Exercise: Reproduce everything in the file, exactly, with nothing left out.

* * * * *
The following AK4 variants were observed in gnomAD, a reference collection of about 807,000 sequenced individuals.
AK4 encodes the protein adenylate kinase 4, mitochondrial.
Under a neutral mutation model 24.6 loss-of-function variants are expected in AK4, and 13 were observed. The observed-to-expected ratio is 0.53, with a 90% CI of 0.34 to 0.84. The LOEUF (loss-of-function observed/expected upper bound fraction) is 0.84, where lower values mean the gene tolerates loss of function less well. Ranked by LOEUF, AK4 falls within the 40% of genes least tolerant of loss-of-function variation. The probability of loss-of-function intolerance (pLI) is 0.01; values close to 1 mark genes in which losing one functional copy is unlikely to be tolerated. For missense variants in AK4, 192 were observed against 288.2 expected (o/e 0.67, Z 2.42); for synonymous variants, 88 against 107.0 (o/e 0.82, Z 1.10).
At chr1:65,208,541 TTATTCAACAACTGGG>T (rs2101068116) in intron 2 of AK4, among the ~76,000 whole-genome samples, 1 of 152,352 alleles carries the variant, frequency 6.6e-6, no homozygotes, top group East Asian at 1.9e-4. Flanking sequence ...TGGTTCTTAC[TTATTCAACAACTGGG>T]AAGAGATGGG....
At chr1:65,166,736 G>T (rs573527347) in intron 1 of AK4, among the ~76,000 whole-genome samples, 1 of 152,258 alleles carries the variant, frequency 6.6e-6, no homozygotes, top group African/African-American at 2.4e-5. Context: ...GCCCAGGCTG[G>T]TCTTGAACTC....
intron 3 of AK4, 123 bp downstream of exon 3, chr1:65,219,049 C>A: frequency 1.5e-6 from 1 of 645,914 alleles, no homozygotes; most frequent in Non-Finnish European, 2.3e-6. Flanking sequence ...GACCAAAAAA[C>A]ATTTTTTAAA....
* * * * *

The following AK4 variants were observed in gnomAD, a reference collection of about 807,000 sequenced individuals.
AK4 encodes the protein adenylate kinase 4, mitochondrial.
Under a neutral mutation model 24.6 loss-of-function variants are expected in AK4, and 13 were observed. The observed-to-expected ratio is 0.53, with a 90% CI of 0.34 to 0.84. The LOEUF (loss-of-function observed/expected upper bound fraction) is 0.84, where lower values mean the gene tolerates loss of function less well. Ranked by LOEUF, AK4 falls within the 40% of genes least tolerant of loss-of-function variation. The probability of loss-of-function intolerance (pLI) is 0.01; values close to 1 mark genes in which losing one functional copy is unlikely to be tolerated. For missense variants in AK4, 192 were observed against 288.2 expected (o/e 0.67, Z 2.42); for synonymous variants, 88 against 107.0 (o/e 0.82, Z 1.10).
At chr1:65,208,541 TTATTCAACAACTGGG>T (rs2101068116) in intron 2 of AK4, among the ~76,000 whole-genome samples, 1 of 152,352 alleles carries the variant, frequency 6.6e-6, no homozygotes, top group East Asian at 1.9e-4. Flanking sequence ...TGGTTCTTAC[TTATTCAACAACTGGG>T]AAGAGATGGG....
At chr1:65,166,736 G>T (rs573527347) in intron 1 of AK4, among the ~76,000 whole-genome samples, 1 of 152,258 alleles carries the variant, frequency 6.6e-6, no homozygotes, top group African/African-American at 2.4e-5. Context: ...GCCCAGGCTG[G>T]TCTTGAACTC....
intron 3 of AK4, 123 bp downstream of exon 3, chr1:65,219,049 C>A: frequency 1.5e-6 from 1 of 645,914 alleles, no homozygotes; most frequent in Non-Finnish European, 2.3e-6. Flanking sequence ...GACCAAAAAA[C>A]ATTTTTTAAA....